WASHINGTON — The U.S. Marshals have for the first time released data on how many people were shot by their officers or other police working with them.

A total of 147 people were shot over the course of three years, from 2019 to 2021, according to the report released by the agency this week. Almost all of those happened as the federal agency tasked with fugitive searches arrested people on warrants, including for crimes like assault and homicide. The total includes shootings that killed people and those that left people injured.

It’s a step toward transparency for federal law enforcement and comes at a time when data about police shootings remains scarce, years into a national reckoning over police brutality and racial injustice. Experts say detailed data is essential to tackling the issue, but comprehensive information for the U.S. is still lacking.

U.S. Marshals Service Director Ronald Davis ordered the review last year, saying it reflects the seriousness of shots fired by officers. The report does not include information on whether the shootings were deemed legally justified nor data on more recent shootings, though it does say that those outlined in the report were independently investigated.

The aim was to study policies, training, tactics, and equipment to figure out ways to make shootings less likely or destructive in the future, the report released Tuesday states.

One deputy U.S. Marshal was killed during the three-year period: Chase White, who was fatally shot serving a fugitive arrest warrant against a man accused of stalking a female police sergeant in Tucson, Arizona. Officers were injured by gunfire 13 times and suffered other injuries six times during the period of the report, which was composed on a fiscal year schedule. The shootings were spread across the country, with the largest number happening in regions in the West and in Texas.


It found that more than half of the officers who fired shots were from other police agencies working with the deputies on task forces. Of the 266 officers involved in shootings, just under 40% were deputies. That finding has the Marshals “committed to enhancing USMS federal oversight” of task-force officers. The Justice Department began allowing local officers working with federal law enforcement to begin wearing body cameras in 2020, reversing a policy that had strained its relationship with some law enforcement agencies quicker to adopt their usage.

There are nearly 4,000 deputy U.S. Marshals, and they work with more than 3,500 task force officers from departments around the U.S., the report states. The Marshals also transport federal prisoners, protect witnesses, and provide court security.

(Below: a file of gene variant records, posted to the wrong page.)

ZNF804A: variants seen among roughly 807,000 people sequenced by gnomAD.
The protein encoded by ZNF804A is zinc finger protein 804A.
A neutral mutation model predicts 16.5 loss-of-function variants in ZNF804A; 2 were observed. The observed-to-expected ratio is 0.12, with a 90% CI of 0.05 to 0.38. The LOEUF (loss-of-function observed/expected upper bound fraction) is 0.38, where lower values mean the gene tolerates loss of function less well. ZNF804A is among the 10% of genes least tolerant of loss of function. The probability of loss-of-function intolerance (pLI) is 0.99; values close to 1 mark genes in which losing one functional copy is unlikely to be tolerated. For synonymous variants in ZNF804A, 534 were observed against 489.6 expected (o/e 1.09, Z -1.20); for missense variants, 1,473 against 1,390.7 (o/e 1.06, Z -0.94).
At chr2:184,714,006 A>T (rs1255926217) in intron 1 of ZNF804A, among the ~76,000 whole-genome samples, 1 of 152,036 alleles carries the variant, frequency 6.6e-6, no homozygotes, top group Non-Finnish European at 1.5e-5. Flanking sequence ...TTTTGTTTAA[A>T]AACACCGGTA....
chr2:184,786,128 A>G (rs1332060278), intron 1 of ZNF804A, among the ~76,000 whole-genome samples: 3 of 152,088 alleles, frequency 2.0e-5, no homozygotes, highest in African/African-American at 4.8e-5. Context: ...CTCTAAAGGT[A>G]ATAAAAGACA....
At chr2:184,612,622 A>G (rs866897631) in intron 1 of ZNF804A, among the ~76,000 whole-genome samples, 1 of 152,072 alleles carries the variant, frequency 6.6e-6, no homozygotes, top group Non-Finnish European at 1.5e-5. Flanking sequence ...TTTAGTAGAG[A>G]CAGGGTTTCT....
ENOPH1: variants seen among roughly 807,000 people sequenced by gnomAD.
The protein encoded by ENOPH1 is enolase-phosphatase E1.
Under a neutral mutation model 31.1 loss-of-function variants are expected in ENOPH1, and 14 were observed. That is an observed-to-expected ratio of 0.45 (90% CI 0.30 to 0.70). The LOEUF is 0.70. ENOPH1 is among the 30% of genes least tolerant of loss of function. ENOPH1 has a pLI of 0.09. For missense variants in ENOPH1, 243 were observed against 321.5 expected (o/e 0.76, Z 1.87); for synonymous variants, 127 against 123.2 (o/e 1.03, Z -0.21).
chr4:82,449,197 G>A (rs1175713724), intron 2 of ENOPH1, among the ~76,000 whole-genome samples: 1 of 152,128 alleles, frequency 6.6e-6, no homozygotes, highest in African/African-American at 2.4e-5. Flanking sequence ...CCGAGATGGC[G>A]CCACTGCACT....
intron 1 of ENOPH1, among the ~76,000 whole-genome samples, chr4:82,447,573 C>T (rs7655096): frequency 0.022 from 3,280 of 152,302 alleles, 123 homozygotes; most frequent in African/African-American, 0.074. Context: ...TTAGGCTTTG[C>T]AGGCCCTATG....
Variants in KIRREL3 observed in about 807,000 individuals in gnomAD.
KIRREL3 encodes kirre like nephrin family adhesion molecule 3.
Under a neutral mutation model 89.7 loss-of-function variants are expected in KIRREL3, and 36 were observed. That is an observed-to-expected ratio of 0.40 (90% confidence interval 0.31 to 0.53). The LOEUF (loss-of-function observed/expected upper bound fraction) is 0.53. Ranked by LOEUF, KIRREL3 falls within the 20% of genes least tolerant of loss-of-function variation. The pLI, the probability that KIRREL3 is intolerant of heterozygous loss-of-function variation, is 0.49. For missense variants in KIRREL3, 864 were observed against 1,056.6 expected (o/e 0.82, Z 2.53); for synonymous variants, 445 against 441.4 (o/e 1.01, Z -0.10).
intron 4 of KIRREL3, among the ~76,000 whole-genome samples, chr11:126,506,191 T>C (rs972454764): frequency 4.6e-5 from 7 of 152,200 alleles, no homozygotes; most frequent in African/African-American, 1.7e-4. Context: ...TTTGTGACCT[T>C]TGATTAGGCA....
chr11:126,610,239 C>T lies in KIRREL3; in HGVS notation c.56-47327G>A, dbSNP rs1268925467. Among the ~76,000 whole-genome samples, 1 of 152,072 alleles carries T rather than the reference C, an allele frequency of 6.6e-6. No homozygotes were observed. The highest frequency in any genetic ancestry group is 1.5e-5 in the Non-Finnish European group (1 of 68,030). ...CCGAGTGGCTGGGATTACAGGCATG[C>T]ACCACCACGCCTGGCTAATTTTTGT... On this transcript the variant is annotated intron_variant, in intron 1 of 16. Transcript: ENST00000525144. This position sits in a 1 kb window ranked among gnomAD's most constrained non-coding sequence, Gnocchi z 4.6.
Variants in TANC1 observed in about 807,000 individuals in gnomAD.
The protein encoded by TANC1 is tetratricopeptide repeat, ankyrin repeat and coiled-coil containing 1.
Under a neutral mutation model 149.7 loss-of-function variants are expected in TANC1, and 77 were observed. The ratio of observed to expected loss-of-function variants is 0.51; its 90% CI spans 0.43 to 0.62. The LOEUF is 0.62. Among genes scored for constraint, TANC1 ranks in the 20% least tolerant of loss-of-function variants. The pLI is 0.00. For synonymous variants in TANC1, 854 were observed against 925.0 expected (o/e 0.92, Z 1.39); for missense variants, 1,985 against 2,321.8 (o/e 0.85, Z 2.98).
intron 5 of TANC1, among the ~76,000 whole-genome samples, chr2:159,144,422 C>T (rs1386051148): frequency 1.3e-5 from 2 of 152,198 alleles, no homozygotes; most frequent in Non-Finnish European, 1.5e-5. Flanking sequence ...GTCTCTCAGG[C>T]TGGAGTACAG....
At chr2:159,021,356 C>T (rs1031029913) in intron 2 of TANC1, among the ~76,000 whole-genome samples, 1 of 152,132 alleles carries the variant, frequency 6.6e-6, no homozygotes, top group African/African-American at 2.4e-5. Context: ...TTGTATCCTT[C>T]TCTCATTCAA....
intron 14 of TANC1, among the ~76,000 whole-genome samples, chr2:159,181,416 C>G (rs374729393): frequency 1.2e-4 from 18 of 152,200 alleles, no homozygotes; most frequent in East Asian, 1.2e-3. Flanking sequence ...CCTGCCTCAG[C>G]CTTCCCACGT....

The agency will also review its policies about making arrests involving cars after finding that nearly half of the shootings happened as Marshals tried to arrest people in or around vehicles. Ten percent of those shootings also left officers injured. The report doesn’t specify whether any of the cars were moving at the time; the federal use-of-force policy discourages shooting at or from moving vehicles.

The country’s overall dearth of detailed information about police shootings, especially those that aren’t fatal, makes it hard to say how those findings fit into the national picture, experts said. The FBI began collecting the data in recent years, but has struggled with low numbers of departments participating, said Lee Friedman, a public health professor at the University of Illinois-Chicago.

Individual police departments are increasingly releasing use-of-force data, but it can be difficult to find and often isn’t deeply detailed, said Geoffrey Alpert, a professor of criminology and criminal justice at the University of South Carolina. The Marshals report released this week is a “good first step,” but also leaves many questions, including details of what led up to the shooting and information on those who were shot, he said.

Detailed data is important to figure out what things make police shootings more likely, and what factors drive down the risk of violence, he said.

“If we can’t identify the problems how can we come up with solutions?” Alpert said. “How do we train, how do we write policies when we don’t know what the data shows?”

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